HC Deb 06 February 1980 vol 978 cc486-8
12. Mr. David Marshall

asked the Secretary of State for Scotland, in view of the recent large increase in the numbers of young people known to practise glue sniffing in the east end of Glasgow, if he will take steps designed to solve the problem.

Mr. Fairgrieve

The number of known new cases in that area of Glasgow fluctuates from month to month, but overall the number reported for the first time has declined in the past year. I remain of the view that the problem can be dealt with only by a comprehensive and continuing programme of community health education. In that regard, my Department has issued advice to directors of social work, directors of education, chief administrative medical officers and chief constables.

Mr. Marshall

Will the Minister accept that his answer is unbelievably complacent in view of recent events, which in some cases have involved serious damage to property and even loss of life? Will he assure us that, in spite of public expenditure cuts, more resources will be made available to help combat this serious and growing problem?

Mr. Fairgrieve

In no way are the Government complacent over the problem. Had that been so, we should not have taken the trouble to get in touch with the bodies that I mentioned. Our firm view is that legislation will be counter-productive.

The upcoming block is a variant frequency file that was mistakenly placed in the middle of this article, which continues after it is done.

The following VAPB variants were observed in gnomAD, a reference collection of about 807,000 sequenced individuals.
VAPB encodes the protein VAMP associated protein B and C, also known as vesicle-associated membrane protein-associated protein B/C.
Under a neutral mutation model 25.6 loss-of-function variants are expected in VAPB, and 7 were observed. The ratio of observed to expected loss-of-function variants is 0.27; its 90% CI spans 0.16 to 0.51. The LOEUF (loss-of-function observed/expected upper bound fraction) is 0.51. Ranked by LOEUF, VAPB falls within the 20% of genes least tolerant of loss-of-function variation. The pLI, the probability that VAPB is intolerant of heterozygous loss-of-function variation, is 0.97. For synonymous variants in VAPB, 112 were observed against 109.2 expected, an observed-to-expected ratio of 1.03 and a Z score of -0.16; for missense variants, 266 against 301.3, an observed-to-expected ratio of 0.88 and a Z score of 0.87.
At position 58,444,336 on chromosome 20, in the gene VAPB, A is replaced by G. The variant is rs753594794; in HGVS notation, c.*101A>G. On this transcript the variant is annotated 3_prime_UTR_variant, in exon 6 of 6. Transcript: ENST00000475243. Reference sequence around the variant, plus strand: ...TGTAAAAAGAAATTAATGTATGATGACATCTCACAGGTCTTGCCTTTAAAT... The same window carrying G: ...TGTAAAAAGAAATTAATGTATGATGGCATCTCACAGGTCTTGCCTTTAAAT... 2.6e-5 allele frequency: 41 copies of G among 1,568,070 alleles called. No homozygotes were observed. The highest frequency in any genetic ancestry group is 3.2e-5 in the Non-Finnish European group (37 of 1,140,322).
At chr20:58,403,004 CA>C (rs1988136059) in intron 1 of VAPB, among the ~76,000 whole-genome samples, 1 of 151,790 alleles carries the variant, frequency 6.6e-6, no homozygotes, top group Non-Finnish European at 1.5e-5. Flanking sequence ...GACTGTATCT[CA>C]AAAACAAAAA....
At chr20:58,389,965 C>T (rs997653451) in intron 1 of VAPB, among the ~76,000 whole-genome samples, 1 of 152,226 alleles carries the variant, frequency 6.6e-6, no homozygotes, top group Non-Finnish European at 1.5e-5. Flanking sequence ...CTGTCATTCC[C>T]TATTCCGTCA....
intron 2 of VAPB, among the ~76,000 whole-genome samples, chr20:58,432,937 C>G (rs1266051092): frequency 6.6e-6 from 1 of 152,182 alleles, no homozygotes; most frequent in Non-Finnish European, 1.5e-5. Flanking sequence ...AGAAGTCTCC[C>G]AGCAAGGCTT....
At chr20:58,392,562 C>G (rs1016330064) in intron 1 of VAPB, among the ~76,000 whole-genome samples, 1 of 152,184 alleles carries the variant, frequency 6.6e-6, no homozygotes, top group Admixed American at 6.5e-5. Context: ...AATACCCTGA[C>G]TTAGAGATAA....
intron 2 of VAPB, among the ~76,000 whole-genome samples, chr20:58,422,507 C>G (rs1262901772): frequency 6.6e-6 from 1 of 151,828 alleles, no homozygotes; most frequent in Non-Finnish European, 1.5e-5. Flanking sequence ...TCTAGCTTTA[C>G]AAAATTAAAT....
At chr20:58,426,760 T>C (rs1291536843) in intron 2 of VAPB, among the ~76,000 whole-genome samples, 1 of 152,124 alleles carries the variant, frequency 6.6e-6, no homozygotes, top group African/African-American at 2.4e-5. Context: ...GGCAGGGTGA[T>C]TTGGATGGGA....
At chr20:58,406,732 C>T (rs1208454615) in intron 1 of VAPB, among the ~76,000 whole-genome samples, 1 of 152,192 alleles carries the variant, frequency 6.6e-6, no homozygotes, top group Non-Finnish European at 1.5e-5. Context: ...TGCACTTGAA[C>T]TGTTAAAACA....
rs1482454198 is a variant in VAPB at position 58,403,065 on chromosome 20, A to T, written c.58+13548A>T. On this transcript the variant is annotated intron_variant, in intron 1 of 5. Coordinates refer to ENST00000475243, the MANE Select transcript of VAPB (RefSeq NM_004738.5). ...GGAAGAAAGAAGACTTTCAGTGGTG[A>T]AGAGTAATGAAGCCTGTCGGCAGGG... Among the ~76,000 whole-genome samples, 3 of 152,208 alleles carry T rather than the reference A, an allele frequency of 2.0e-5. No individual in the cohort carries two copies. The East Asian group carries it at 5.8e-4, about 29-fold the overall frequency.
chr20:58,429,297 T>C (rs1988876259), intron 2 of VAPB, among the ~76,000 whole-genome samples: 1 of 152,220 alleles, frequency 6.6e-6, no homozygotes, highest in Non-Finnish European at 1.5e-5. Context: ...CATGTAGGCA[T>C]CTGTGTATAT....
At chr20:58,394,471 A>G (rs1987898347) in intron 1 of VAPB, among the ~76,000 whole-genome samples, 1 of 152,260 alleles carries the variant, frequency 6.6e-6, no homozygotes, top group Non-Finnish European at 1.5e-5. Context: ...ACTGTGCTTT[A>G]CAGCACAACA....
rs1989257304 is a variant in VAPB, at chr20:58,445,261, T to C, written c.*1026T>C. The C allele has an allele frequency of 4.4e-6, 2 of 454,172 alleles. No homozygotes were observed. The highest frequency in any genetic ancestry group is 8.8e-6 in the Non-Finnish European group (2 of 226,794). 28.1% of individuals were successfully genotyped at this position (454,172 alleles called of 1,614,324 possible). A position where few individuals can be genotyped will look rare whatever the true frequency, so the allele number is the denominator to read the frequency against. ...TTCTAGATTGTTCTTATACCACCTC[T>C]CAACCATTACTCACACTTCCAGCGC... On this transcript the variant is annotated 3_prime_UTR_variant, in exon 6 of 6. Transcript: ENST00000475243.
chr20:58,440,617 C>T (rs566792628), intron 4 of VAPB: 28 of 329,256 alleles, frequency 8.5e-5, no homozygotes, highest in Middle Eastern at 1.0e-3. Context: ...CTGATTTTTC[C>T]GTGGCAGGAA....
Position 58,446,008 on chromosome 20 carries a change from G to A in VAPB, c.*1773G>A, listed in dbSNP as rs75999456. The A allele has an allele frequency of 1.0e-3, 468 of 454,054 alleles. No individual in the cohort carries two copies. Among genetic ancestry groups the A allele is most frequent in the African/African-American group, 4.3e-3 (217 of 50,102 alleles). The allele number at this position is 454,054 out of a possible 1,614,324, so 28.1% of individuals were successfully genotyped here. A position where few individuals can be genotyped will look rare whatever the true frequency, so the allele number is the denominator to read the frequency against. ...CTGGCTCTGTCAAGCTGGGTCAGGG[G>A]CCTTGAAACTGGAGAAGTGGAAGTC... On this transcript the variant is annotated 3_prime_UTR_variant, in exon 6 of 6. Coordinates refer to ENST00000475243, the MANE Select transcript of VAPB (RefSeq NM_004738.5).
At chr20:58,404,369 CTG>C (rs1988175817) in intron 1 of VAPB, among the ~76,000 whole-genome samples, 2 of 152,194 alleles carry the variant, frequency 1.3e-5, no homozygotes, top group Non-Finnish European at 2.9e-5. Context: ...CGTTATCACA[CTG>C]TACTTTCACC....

Mr. Pollock

Does my hon. Friend accept that the problem extends far beyond the East End of Glasgow? In spite of his previous answer, is my hon. Friend prepared to undertake to the House that the Government will at least consider legislative measures in the new Criminal Justice (Scotland) Bill?

Mr. Fairgrieve

There are other areas in Scotland besides Glasgow where the habit prevails, but it is more prevalent in Glasgow. Legislation has been considered, but all opinion is that it would be counter-productive.

Mr. Dempsey

Is the Minister aware of reports that the number attending clinics in the East End of Glasgow has risen from 600 to 900, which is a 50 per cent. increase? That is indicative of the seriousness of the problem. Is he further aware that in the other four areas no figures are kept? Will he consider a much more comprehensive plan of action, in addition to merely providing health education?

Mr. Fairgrieve

I can only repeat that we have been in touch with a number of bodies and individuals and that we are taking the problem seriously. There are 225 new cases in Glasgow out of a total of 46,000 schoolchildren. The Government give high priority to combating the habit. We shall do everything in our power to overcome the evil, but all the advice that we receive is that legislation would be counter-productive.